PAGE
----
How I lost N110 million investment in farms to herders
When Olumide Abayomi, a chartered account and fellow of the Institute of Chartered Accountants of Nigeria (ICAN) left his job at a private equity firm in 2013 to invest heavily in agriculture, he never thought he would wake up one and day and find his lifetime savings destroyed by cows. In fact, his aim was to create a large farm able to employ hundreds of people and provide financial freedom for them. So, he did not hesitate to plug in over N110 million into a 450-acre farmland located in Osuntedo village, Osun state.
Just one day, herders attacked the farm. About 28 acres of rice and 25 acres of plantain trees were all destroyed when herdsmen invaded the farmland with their cows in 2018. Before the devastation of his farm, he was able to harvest plantain for two years, and he said harvesting was done every two weeks. Every fortnight, two to three truckloads were harvested, and “that is what the cattle ate up completely,” he said.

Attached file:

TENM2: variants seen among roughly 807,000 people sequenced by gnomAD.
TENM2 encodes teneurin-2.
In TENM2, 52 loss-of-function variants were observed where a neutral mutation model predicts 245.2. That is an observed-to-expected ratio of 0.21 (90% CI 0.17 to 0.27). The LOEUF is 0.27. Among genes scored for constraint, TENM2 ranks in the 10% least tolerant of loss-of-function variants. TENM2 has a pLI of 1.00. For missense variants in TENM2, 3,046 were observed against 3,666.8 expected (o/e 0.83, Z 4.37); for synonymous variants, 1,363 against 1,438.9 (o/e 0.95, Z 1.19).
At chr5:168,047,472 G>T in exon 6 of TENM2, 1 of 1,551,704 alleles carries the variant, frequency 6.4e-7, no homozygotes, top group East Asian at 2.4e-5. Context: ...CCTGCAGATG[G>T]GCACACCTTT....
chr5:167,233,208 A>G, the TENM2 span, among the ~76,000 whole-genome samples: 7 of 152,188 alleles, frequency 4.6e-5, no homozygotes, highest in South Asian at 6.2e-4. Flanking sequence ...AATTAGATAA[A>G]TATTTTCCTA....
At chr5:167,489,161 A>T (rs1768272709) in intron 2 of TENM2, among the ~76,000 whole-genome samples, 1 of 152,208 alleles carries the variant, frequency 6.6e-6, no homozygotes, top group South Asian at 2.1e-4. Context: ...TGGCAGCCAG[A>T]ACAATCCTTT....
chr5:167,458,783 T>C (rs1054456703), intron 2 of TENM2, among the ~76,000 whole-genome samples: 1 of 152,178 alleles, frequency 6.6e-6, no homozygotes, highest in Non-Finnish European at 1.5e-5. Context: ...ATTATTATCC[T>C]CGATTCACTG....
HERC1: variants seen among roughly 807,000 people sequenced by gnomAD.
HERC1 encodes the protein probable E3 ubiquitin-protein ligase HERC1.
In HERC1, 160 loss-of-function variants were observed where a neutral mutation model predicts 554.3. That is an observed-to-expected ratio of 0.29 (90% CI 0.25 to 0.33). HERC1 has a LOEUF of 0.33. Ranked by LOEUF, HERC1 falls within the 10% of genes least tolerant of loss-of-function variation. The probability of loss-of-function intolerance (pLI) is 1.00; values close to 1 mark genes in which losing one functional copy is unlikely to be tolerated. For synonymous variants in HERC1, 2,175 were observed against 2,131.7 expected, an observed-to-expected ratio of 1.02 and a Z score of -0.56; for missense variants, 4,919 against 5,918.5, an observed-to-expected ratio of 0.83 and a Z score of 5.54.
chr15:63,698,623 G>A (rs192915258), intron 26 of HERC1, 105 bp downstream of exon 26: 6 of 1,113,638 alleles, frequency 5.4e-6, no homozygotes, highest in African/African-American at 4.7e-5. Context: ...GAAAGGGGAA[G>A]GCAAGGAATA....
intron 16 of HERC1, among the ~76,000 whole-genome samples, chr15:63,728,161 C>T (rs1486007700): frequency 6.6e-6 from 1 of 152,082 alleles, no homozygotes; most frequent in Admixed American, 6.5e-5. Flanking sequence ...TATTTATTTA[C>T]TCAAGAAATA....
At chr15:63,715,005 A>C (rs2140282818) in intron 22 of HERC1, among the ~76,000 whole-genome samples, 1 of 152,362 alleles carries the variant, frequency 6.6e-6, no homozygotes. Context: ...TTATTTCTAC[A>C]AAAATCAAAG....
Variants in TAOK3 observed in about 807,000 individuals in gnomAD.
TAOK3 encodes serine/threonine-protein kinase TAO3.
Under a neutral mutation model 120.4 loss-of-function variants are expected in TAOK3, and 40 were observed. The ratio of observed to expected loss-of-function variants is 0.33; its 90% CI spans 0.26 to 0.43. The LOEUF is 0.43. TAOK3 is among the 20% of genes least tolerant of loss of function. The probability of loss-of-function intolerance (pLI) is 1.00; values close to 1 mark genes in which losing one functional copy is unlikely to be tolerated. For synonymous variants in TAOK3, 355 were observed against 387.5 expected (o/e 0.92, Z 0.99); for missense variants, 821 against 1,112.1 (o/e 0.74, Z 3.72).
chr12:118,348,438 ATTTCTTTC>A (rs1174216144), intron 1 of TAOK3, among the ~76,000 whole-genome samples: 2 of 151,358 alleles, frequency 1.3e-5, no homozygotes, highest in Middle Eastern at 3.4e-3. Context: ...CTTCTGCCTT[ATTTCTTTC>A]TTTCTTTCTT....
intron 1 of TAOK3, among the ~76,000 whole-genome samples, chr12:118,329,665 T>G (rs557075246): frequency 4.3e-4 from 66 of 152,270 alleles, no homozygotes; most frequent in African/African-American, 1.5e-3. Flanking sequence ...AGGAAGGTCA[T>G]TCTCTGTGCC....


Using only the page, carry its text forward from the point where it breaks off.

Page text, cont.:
A farm of such magnitude would no doubt employ many people. What this destruction means is, workers had to be laid off. It further means, no more jobs, scarce and unhealthy meals which could lead to malnutrition for the workers and their families, inability to pay bills, including school fees of kids and house rents, depression, which could eventually lead to death.
For the farm’s owner, it means the hard work of many years was gone in a few hours. This could lead to depression, reintroduce him to poverty. Of course, more than half of the people living in Nigeria are in poverty, and adding more numbers to this grim stat is not what the country needs at this time.
Perennial attack on Falae’s farm